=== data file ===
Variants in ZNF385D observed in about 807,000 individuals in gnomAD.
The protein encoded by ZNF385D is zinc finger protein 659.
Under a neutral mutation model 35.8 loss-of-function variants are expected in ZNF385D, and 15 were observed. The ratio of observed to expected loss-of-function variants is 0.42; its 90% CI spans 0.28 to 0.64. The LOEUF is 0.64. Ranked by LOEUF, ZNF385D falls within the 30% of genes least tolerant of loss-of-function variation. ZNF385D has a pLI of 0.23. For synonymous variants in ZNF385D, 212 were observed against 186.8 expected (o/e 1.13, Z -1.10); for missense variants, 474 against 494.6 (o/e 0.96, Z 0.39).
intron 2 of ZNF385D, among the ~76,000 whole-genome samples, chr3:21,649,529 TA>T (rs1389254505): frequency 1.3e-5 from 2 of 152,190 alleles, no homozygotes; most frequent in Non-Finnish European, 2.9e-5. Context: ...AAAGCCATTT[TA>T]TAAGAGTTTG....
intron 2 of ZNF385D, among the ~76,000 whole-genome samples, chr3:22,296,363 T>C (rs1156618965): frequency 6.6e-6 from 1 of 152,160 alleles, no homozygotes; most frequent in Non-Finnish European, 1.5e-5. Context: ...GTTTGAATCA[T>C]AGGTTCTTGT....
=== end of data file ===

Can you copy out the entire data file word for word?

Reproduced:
Variants in ZNF385D observed in about 807,000 individuals in gnomAD.
The protein encoded by ZNF385D is zinc finger protein 659.
Under a neutral mutation model 35.8 loss-of-function variants are expected in ZNF385D, and 15 were observed. The ratio of observed to expected loss-of-function variants is 0.42; its 90% CI spans 0.28 to 0.64. The LOEUF is 0.64. Ranked by LOEUF, ZNF385D falls within the 30% of genes least tolerant of loss-of-function variation. ZNF385D has a pLI of 0.23. For synonymous variants in ZNF385D, 212 were observed against 186.8 expected (o/e 1.13, Z -1.10); for missense variants, 474 against 494.6 (o/e 0.96, Z 0.39).
intron 2 of ZNF385D, among the ~76,000 whole-genome samples, chr3:21,649,529 TA>T (rs1389254505): frequency 1.3e-5 from 2 of 152,190 alleles, no homozygotes; most frequent in Non-Finnish European, 2.9e-5. Context: ...AAAGCCATTT[TA>T]TAAGAGTTTG....
intron 2 of ZNF385D, among the ~76,000 whole-genome samples, chr3:22,296,363 T>C (rs1156618965): frequency 6.6e-6 from 1 of 152,160 alleles, no homozygotes; most frequent in Non-Finnish European, 1.5e-5. Context: ...GTTTGAATCA[T>C]AGGTTCTTGT....